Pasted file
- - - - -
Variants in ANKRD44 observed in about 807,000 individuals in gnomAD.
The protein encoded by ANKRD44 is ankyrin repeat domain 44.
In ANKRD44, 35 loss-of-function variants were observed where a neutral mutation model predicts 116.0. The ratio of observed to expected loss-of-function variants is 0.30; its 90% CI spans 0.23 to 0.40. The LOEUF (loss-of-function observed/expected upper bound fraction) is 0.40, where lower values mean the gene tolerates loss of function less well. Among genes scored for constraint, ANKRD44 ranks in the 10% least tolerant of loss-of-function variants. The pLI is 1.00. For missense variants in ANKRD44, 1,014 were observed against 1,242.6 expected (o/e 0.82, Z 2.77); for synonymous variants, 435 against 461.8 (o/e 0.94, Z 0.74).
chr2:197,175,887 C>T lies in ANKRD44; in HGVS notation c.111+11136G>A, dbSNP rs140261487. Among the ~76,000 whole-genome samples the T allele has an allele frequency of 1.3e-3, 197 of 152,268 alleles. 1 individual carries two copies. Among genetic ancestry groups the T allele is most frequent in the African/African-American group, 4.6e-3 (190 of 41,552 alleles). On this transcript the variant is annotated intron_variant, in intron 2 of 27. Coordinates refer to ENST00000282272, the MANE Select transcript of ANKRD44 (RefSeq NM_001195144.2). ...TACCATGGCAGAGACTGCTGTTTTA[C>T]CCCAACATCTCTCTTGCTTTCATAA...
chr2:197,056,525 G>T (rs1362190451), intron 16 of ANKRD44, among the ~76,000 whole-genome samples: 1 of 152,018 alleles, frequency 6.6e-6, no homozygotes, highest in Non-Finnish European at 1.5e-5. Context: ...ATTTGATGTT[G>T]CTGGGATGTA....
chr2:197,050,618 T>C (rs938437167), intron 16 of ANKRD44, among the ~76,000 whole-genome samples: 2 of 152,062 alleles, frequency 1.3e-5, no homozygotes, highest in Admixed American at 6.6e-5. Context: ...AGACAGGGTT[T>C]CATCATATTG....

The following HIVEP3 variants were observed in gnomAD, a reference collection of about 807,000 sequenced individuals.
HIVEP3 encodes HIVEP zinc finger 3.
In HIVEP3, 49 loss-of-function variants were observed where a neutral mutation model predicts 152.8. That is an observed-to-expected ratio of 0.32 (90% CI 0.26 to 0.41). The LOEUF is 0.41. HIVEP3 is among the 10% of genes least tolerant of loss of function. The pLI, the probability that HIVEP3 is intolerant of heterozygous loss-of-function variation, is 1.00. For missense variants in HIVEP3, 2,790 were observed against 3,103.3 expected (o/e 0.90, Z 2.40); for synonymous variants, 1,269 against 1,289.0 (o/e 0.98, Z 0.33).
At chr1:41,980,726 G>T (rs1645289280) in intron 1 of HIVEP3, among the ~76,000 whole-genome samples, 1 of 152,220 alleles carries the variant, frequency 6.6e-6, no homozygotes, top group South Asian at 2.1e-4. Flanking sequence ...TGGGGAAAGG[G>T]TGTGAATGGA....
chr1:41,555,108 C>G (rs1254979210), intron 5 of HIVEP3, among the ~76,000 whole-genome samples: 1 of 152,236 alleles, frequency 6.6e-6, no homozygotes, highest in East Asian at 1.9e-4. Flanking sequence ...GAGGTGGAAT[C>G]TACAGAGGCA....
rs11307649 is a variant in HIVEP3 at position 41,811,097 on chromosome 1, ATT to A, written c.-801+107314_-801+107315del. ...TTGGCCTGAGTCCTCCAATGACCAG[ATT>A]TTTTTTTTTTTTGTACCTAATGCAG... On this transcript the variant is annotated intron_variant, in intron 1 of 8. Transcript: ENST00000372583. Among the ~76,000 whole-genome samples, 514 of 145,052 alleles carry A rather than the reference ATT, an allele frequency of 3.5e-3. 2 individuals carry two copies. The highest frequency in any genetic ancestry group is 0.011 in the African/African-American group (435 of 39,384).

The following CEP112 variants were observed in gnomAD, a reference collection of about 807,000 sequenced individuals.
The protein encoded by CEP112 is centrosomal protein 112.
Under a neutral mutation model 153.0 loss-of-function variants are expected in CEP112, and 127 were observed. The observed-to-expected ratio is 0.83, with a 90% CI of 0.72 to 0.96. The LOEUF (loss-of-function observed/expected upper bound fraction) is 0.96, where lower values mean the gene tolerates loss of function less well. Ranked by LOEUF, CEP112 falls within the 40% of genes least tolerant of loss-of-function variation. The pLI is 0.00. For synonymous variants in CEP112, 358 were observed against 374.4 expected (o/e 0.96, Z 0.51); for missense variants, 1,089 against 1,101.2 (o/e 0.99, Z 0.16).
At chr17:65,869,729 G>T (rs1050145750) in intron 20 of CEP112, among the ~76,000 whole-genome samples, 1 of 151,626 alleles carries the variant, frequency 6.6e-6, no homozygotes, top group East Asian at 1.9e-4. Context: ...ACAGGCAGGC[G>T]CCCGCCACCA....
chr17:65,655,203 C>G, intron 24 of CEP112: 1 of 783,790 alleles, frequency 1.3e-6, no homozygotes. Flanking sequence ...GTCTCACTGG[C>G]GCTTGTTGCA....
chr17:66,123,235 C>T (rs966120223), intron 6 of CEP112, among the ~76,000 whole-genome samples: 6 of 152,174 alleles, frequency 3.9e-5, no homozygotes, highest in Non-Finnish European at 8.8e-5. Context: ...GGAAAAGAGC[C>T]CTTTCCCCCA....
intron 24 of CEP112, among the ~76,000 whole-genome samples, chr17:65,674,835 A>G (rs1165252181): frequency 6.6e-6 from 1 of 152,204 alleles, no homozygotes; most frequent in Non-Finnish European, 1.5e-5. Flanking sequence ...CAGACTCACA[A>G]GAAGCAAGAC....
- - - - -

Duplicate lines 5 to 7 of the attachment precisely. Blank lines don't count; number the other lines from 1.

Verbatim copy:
chr2:197,056,525 G>T (rs1362190451), intron 16 of ANKRD44, among the ~76,000 whole-genome samples: 1 of 152,018 alleles, frequency 6.6e-6, no homozygotes, highest in Non-Finnish European at 1.5e-5. Context: ...ATTTGATGTT[G>T]CTGGGATGTA....
chr2:197,050,618 T>C (rs938437167), intron 16 of ANKRD44, among the ~76,000 whole-genome samples: 2 of 152,062 alleles, frequency 1.3e-5, no homozygotes, highest in Admixed American at 6.6e-5. Context: ...AGACAGGGTT[T>C]CATCATATTG....

The following HIVEP3 variants were observed in gnomAD, a reference collection of about 807,000 sequenced individuals.